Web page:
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I'm trying to build a small house on my rural property. I'm trying to use a building kit, which is delivered normally by a series of 18-wheelers. It includes large timbers, such as six 6x8 x 14ft treated posts (over 140 lb each) and dozens of 2x10s 10 feet long and longer. Plus pallets of roofing steel.

And I'm only one person - having someone to help isn't impossible, but it may be difficult.

I'm up a roughly half mile gravel private road and a 250 yard gravel driveway, the latter being kind of hilly, narrow, and winding. There's no chance that the 18-wheeler will go up the driveway, and it may not go down the private road.

My assets include a 4x4 pickup truck with lumber racks and some block and tackle type equipment. I also can potentially rent heavy equipment, though that has difficulties.

I was thinking possibly something like this might be practical: https://www.northerntool.com/shop/tools/product_200673741_200673741

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    Many farmers have things like telescopic handlers - good at moving, and lifting, things. – Solar Mike May 2 at 5:40
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    I strongly suggest getting someone to help with moving & building. There are so many things - from just getting a large piece positioned properly on a trailer, to holding a post steady while someone else screws it in place, to being able to safely move around individual items that weight > 100 lbs on the job site, where even just one extra able-bodied person can make a world of difference. In my area (Maryland) there are plenty of resources to get such people on very reasonable hourly or daily rates - you do not need to pay a contractor/company overhead cost. – manassehkatz May 2 at 14:22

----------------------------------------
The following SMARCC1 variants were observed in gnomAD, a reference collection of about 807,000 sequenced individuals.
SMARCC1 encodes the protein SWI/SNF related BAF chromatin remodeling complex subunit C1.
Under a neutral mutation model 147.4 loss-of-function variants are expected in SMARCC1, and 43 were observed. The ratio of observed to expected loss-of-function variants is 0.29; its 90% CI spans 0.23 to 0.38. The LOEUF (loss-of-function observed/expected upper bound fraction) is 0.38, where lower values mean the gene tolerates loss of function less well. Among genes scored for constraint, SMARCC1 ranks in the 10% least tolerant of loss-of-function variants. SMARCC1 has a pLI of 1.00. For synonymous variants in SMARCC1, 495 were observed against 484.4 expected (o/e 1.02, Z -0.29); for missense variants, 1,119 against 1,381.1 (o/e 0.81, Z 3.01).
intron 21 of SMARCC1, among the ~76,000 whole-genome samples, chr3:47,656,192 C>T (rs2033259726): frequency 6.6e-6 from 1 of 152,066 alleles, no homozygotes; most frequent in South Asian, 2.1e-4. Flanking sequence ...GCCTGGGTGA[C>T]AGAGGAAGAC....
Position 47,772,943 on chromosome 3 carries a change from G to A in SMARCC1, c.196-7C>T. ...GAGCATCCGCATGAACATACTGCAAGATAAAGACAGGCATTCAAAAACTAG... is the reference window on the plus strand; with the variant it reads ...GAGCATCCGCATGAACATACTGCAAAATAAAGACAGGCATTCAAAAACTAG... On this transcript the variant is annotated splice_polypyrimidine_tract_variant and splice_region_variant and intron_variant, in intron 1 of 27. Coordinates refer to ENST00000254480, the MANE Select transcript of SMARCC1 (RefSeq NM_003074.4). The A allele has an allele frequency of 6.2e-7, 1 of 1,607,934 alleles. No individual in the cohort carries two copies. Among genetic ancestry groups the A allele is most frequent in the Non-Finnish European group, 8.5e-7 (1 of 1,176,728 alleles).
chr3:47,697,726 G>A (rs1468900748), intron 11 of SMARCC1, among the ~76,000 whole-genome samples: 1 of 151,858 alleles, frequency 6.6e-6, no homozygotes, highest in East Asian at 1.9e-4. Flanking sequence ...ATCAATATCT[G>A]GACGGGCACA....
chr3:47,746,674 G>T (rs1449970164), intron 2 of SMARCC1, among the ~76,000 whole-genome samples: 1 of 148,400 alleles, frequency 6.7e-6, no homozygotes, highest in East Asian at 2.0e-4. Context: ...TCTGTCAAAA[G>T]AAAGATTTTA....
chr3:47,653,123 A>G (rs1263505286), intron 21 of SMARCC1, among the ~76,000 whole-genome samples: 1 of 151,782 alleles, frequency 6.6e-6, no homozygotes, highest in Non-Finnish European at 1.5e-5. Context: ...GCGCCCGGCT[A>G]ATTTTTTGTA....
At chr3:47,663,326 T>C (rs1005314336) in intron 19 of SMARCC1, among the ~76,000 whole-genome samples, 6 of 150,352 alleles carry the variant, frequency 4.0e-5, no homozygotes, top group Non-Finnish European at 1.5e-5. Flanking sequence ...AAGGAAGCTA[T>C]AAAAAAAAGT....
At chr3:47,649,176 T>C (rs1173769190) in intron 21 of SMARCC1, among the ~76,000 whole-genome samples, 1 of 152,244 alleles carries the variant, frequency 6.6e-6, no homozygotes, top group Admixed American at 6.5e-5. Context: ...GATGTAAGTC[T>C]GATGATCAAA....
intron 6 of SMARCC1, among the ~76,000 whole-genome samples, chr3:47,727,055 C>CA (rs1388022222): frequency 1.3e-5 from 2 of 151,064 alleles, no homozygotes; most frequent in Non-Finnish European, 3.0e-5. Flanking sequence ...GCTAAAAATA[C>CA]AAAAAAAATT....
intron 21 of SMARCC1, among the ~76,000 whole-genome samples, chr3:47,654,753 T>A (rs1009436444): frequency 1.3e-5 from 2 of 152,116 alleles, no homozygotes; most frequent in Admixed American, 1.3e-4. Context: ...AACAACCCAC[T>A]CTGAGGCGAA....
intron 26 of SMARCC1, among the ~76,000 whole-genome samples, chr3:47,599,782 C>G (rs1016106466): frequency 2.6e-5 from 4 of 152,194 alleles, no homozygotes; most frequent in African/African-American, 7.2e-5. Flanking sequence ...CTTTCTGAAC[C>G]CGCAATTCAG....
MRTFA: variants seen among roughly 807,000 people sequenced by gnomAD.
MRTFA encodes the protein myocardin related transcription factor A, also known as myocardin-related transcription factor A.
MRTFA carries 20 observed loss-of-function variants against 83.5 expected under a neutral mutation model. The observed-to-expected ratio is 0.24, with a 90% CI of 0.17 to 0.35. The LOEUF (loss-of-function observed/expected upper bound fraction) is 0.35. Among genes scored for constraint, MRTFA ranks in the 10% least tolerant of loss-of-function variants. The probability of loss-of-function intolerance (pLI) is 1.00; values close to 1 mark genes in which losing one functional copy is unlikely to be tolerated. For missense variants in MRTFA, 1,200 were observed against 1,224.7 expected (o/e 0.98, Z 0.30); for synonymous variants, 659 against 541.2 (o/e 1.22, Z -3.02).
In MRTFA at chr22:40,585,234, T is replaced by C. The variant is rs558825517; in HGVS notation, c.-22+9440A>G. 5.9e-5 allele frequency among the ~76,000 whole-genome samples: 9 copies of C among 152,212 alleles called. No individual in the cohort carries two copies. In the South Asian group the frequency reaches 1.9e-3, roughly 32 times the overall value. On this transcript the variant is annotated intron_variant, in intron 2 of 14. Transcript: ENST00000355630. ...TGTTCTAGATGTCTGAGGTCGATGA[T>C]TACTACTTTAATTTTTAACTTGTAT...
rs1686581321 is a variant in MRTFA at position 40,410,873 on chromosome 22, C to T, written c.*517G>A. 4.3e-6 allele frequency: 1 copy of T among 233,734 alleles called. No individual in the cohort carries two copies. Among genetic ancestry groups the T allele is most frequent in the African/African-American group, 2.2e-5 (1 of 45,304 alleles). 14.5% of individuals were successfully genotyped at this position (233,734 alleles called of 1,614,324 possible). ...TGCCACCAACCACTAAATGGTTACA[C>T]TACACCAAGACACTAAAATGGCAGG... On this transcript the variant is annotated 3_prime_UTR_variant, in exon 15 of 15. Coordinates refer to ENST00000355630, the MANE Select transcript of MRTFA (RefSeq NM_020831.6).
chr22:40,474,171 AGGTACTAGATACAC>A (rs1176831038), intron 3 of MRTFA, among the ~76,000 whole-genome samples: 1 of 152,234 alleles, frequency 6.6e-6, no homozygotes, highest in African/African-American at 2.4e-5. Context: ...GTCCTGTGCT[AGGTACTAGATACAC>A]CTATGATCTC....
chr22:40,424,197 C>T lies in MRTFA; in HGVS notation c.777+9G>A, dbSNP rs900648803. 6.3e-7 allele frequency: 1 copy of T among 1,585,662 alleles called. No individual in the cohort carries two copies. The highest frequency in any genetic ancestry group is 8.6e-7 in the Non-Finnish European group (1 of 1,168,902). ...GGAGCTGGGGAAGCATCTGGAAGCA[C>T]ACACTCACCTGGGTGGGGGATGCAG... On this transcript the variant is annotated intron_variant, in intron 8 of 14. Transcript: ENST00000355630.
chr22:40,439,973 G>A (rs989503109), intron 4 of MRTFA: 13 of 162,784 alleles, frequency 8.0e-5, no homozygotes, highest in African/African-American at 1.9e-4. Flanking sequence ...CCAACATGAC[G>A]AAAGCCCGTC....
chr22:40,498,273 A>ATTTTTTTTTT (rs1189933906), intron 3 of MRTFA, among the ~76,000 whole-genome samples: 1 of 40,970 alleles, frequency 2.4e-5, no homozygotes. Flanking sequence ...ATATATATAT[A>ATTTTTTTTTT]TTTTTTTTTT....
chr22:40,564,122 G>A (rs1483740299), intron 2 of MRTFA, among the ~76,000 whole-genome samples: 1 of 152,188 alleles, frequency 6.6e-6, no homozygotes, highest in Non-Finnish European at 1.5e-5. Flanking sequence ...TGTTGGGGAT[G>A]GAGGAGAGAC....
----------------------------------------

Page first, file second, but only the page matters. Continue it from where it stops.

• I'm already strongly considering renting a telehandler for roof construction. Sadly I'm very bad at asking people for help. @manassehkatz what are names of such resources? – ikrase May 3 at 0:15
  • It varies by location. If you have no idea at all then I'd ask at a local home improvement store or on a neighborhood email list. – manassehkatz May 3 at 0:26
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I would get a flatbed trailer. The rig from northern tool is great for logs but your metal roofing won't work with that and usually when I have roofing delivery it is 20' sheets so a pickup is not the best choice either because of the length, however a flatbed trailer can handle both lumber, and the metal roofing. I made side boards for my flatbed and have hauled loads of bark mulch saving delivery costs. As a possible future use for the trailer, or sell it once the house is finished.

  • Conveniently my metal is only about 13 feet long. Of course flatbeds can also be rented reasonably inexpensively... – ikrase May 3 at 0:21
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I have move Material just like this for the same reason when building using a truck and trailer are a farm Tractor and trailer, on some jobs I have used a helicopter.

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"A series of 18-wheelers" sounds like a significant amount of material to be moved. If you can afford to float the money seriously consider buying some compact equipment such as a skid loader, a regular front-end loader, or a mini excavator. The loaders can be equipped with pallet forks and the mini-ex can be equipped with a thumb or lift objects with a sling. All of these can be used for hauling heavy building materials directly, or they could be used to transfer the materials from the delivery truck to your own trailer and then from your trailer around the construction site.

Equipment pricing varies regionally and seasonally, but you may be able to find something suitable for US$15k-$20k (used). The equipment could be resold when the job is done.. but be prepared that you may fall in love and want to keep it. ;-)

In a rural area it wouldn't be surprising for one of your neighbors to already have such equipment; you might also consider negotiating for their assistance.

  • It's not actually that much material - not even a fraction of an 18-wheeler's worth. It's just because the vendor is using the commercial freight infrastructure where every truck larger than a small box truck is an 18-wheeler. – ikrase May 3 at 0:08

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